COTA Xfinity Series results

COTA Xfinity results
Photo by Logan Riely/Getty Images

AJ Allmendinger led 28 of 46 laps Saturday to win the Xfinity Series race at Circuit of the Americas for the second year in a row.

Allmendinger held off William Byron to score his first victory of the year and 16th in the Xfinity Series.

MORE: COTA Xfinity results

Ty Gibbs placed third and was followed by rookie Sammy Smith and Justin Allgaier.

Smith, Allgaier, Daniel Hemric, who placed sixth, and Sam Mayer, who finished seventh, will be eligible for the $100,000 Dash 4 Cash next weeked at Richmond after being the top four full-time Xfinity finishers Saturday.



AJ Allmendinger wins Xfinity race at COTA

AJ Allmendinger Xfinity COTA
Photo by Chris Graythen/Getty Images

AJ Allmendinger overcame damage from a restart to win Saturday’s Xfinity Series race at Circuit of the Americas.

This is the second year in a row he has won this race. It is Allmendinger’s first victory of the season and 16th career Xfinity win.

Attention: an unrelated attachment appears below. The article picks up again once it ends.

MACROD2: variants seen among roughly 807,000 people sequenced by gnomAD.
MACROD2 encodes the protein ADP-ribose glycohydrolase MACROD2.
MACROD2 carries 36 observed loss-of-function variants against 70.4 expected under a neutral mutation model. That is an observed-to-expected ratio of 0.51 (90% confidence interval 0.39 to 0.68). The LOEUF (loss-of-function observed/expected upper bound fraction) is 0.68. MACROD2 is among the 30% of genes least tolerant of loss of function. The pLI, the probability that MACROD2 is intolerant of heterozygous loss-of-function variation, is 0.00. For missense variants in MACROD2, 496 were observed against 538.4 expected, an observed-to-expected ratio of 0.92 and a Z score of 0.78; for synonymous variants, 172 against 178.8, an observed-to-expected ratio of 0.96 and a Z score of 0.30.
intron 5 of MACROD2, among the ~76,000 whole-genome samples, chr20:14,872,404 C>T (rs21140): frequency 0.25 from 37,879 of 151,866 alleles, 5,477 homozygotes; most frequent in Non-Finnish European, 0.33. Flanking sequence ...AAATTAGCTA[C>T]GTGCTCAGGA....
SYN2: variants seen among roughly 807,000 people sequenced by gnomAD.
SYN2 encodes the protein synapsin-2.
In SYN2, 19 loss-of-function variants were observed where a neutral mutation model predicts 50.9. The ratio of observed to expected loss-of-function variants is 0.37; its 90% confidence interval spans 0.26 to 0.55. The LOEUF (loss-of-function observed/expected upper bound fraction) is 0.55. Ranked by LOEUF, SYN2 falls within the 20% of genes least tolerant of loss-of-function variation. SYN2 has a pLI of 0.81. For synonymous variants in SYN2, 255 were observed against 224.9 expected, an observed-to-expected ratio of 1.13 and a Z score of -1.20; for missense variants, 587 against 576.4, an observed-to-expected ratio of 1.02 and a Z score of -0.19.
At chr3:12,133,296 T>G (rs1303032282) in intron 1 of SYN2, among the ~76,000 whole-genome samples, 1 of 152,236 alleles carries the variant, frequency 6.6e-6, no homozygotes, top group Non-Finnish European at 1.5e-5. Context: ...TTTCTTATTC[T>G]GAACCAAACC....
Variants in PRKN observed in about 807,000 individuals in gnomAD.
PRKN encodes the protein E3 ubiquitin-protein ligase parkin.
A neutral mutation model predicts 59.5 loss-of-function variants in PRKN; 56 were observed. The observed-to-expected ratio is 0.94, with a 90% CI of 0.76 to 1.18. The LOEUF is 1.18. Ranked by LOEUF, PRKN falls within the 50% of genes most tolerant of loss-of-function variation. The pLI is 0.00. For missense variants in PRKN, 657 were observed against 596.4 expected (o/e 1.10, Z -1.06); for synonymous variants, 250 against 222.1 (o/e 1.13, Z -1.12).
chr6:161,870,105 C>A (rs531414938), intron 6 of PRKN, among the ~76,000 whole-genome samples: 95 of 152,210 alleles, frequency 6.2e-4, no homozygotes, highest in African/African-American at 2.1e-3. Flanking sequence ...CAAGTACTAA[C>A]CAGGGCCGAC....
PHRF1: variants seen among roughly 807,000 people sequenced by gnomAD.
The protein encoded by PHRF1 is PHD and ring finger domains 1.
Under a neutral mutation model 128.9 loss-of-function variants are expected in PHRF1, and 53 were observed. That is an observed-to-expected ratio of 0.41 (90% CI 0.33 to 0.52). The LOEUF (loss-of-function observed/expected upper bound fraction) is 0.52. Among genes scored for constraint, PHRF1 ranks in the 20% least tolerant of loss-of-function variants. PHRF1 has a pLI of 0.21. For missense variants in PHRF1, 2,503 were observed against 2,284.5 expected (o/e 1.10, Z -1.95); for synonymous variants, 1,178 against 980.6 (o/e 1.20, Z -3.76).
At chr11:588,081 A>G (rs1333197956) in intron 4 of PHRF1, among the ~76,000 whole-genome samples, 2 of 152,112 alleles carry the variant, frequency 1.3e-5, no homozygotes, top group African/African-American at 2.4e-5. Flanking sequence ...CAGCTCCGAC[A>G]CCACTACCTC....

MORE: COTA race results 

William Byron, driving for Hendrick Motorsports, finished second. Ty Gibbs placed third, Sammy Smith fourth and Justin Allgaier fifth.

Smith, Allgaier, sixth-place finisher Daniel Hemric and seventh-place finisher Sam Mayer — the top four full-time Xfinity drivers — will be eligible for the $100,000 Dash 4 Cash bonus next week at Richmond Raceway.

Allmendinger won the first stage and then pitted. When a caution came out shortly, it put him 21st in the field. On the Lap 20 restart, his car suffered damage when he was hit going into Turn 1.

Allmendinger worked his way through the field and took the lead from Sheldon Creed on Lap 33 when they made contact and Creed spun. Creed fell back to 23rd and finished the 46-lap race in ninth.

Stage 1 winner: AJ Allmendinger

Stage 2 winner: Sheldon Creed

Who had a good race: Josh Berry placed eighth after suffering damage to the front of his car on the first corner of the first lap. It is his fifth consecutive top 10. … Riley Herbst‘s 10th-place finish gives him his ninth consecutive top 10.

Who had a bad race: Austin Hill, who had won three of the first five races this season, had mechanical issues early and finished 37th in the 38-car field.